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Viewing the Control Chart

Screenshot: Example Control Chart

About the Control Chart

The Control Chart can show the cycle time (or lead time) for your product, version or sprint. It takes the time spent by each issue in a particular status (or statuses), and maps it over a specified period of time. The average, rolling average and standard deviation for this data is shown.

Here are some of the ways that you could use a Control Chart:

  • Analyse your team's past performance in a retrospective
  • Measure the effect of a process change on your team's productivity
  • Provide external stakeholders with visibility of your team's performance
  • For Kanban, use past performance to set targets for your team.

On this page:

Related pages:

Viewing the Control Chart

To view the Control Chart for your board:

  1. Navigate to the desired board.
  2. Click Reports
  3. Select Control Chart from the Reports dropdown at the top of the page.
    Tip: Click How to read this chart at the top of the chart to view a short description of the Control Chart.
  4. Configure the chart as desired. The screenshot at the top of this page highlights the controls that you can use to configure the Control Chart.

(warning) If you are using Internet Explorer 8, the Control Chart will not work.

Printing the Control Chart

To print the report, view the report and use the print functionality for your browser. The report will fit to either A4 or Letter-sized pages in both portrait and landscape (note, there is a known issue printing in landscape using Chrome).

Understanding the Control Chart

Before you start using the Control Chart, you should get to know how it works. The following questions and answers cover the key functionailty of the Control Chart:

  How is the cycle time determined?

Cycle time is the time spent working on an issue — typically, the time taken from when work begins on an issue to when work is completed, but also includes any other time spent working on the issue. For example, if an issue is reopened, worked on, and completed again, then the time for this extra work is added to the cycle time.

The statuses used to calculate the cycle time depend on the workflow you are using for your project. You should configure the Control Chart to include the statuses that represent the time spent working on an issue (note, the Control Chart will attempt to select these statuses automatically).

For example, if you are using the JIRA Software Development workflow, you may consider work to have started on an issue when it transitions to 'In Progress' and work to have completed when it transitions out of 'In Review' (to 'Done'). You would show this on the Control Chart by selecting 'In Progress' and 'In Review' as the Columns, as that would show the time that issues have spent in those two statuses.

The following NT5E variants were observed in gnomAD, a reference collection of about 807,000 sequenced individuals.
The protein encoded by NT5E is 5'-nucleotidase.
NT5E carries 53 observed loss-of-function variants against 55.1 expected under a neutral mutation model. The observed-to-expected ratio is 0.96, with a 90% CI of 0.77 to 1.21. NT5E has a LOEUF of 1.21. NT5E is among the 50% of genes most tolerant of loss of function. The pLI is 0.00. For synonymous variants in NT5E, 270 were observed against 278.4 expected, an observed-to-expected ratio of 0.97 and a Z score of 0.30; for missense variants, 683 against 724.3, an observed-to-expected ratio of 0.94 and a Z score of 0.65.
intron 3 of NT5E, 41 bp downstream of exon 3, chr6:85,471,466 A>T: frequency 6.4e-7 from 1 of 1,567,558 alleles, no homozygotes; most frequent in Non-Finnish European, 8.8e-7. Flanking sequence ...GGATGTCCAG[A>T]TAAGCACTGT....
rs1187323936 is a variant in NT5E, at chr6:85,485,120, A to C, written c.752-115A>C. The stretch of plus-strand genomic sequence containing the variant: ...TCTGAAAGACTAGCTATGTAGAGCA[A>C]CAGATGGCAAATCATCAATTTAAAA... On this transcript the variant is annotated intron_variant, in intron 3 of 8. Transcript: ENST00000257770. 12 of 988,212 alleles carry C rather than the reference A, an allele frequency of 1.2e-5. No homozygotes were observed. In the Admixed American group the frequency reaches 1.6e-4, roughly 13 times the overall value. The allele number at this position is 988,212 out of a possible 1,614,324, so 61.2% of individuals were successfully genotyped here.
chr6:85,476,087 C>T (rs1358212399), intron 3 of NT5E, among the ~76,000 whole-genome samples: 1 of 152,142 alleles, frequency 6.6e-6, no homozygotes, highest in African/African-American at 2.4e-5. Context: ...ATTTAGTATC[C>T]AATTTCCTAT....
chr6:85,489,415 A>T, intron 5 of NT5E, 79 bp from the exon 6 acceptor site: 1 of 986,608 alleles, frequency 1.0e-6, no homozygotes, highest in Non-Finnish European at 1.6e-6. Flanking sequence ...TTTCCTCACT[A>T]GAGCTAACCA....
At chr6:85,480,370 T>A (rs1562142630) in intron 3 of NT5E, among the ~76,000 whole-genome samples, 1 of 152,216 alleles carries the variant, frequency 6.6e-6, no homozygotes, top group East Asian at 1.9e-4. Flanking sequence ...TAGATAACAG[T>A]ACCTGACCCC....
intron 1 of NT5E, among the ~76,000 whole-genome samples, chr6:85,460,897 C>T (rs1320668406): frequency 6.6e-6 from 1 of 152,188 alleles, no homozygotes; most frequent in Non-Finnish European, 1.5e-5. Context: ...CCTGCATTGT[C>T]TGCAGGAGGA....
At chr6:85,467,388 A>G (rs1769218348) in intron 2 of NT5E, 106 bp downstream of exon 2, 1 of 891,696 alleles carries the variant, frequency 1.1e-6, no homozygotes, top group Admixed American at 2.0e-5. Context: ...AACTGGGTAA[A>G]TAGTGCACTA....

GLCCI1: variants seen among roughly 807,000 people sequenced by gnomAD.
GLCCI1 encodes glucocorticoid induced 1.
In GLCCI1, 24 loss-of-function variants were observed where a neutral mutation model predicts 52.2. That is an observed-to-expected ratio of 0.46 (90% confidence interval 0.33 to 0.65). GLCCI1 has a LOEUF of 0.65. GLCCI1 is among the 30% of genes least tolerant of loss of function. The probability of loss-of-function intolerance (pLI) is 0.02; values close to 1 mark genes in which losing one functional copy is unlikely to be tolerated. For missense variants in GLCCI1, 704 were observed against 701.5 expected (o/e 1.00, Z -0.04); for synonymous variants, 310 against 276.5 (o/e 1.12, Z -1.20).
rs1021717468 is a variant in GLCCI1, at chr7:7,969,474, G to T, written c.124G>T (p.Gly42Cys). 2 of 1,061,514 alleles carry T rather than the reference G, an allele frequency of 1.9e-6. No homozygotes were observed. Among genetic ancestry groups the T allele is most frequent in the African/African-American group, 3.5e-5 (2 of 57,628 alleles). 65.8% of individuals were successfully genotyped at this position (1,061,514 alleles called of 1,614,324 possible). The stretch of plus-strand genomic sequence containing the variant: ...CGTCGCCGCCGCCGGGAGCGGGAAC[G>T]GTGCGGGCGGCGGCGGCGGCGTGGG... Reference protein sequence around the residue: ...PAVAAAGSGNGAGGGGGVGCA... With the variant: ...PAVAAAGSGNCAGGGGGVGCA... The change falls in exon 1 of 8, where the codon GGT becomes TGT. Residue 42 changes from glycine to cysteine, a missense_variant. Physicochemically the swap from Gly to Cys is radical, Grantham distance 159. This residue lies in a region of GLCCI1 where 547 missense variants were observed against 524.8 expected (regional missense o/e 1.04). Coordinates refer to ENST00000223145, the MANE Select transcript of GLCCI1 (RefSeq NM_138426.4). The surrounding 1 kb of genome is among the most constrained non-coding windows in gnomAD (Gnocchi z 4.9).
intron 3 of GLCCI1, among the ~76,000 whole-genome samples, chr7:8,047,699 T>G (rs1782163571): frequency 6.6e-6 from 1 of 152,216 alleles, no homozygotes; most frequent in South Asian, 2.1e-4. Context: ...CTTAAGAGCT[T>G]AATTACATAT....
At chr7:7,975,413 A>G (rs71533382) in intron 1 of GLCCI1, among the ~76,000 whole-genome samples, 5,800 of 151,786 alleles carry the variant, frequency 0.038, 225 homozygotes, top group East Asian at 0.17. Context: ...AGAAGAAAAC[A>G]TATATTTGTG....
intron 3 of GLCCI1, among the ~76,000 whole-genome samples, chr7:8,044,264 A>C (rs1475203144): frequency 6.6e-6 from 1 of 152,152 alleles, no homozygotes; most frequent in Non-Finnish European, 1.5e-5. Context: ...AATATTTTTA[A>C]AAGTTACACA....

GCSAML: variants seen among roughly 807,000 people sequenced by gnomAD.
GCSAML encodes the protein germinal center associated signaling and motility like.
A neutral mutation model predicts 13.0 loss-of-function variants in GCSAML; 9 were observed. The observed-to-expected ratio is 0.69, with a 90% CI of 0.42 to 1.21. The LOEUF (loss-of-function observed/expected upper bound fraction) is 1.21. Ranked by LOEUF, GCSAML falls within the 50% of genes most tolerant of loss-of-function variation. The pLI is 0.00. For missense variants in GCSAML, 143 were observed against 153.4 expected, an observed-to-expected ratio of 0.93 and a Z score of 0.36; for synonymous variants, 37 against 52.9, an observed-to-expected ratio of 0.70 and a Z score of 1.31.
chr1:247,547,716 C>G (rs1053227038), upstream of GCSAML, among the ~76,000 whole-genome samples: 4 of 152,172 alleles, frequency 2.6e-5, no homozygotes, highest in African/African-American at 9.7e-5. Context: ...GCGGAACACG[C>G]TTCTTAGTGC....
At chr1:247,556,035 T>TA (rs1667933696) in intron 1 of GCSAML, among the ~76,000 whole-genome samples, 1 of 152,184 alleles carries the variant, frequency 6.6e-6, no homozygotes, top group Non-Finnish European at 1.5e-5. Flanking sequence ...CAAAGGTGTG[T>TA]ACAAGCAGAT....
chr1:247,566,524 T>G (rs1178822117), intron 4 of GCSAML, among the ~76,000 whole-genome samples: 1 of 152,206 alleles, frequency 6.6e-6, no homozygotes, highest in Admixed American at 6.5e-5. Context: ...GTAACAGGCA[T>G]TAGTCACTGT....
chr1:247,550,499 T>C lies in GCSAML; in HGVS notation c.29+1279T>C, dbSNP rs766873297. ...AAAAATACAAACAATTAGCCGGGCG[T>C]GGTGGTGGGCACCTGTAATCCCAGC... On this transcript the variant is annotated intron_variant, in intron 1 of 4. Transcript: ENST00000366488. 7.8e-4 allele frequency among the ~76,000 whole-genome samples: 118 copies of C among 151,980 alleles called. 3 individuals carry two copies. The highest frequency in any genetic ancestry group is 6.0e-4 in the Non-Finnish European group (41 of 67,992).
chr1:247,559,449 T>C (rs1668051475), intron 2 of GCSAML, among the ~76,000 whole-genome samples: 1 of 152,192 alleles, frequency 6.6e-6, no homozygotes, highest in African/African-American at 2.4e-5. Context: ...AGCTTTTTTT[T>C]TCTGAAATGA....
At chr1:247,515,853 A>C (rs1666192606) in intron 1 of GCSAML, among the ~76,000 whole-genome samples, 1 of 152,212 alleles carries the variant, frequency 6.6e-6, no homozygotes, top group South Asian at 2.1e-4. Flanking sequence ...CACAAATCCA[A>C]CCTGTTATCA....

Tip: you can also configure the Control Chart to show lead time data instead of cycle time data. Just select the statuses that represent the time spent on an issue; from the time it is raised until work was completed.

  How is the rolling average calculated?

The rolling average (blue line on the chart) is issue-based, not time-based. For every issue shown on the chart, the rolling average (at that point in time) is calculated by taking the issue itself, X issues before the issue and X issues after the issue, then averaging their cycle times. 20% of the total issues displayed (always an odd number and a minimum of 5 issues) are used in the calculation.

For example, in the screenshot below, at the point of time where an issue (green dot) is shown, the rolling average is calculated as follows:

  1. Take the issue plus four issues before and four issues after (nine issues total).
  2. Average the cycle times for the nine issues.
  3. Map the blue line to the calculated average.

If the Timeframe is reduced to 'Past two weeks', the number of issues used would reduce, as there are less total issues available to use for the calculations.

This method produces a steady rolling average line that shows outliers better (i.e. rolling average doesn't deviate as sharply towards outliers). The rolling average line is also easy to understand, as the inflections are related to the positions of issues.

(info) If you would like to know more about why the rolling average calculation is based on a percentage of the total issues, rather than a time period, see this document: Comparing different methods of calculating the rolling average on the Control Chart.

  What does the blue shaded area represent?

The blue shaded area of the control chart represents the standard deviation, that is, the amount of variation of the actual data from the rolling average.

The standard deviation gives you an indication of the level of confidence that you can have in the data. For example, if there is a narrow blue band (low standard deviation), you can be confident that the cycle time of future issues will be close to the rolling average.

  What do the dots on the chart represent?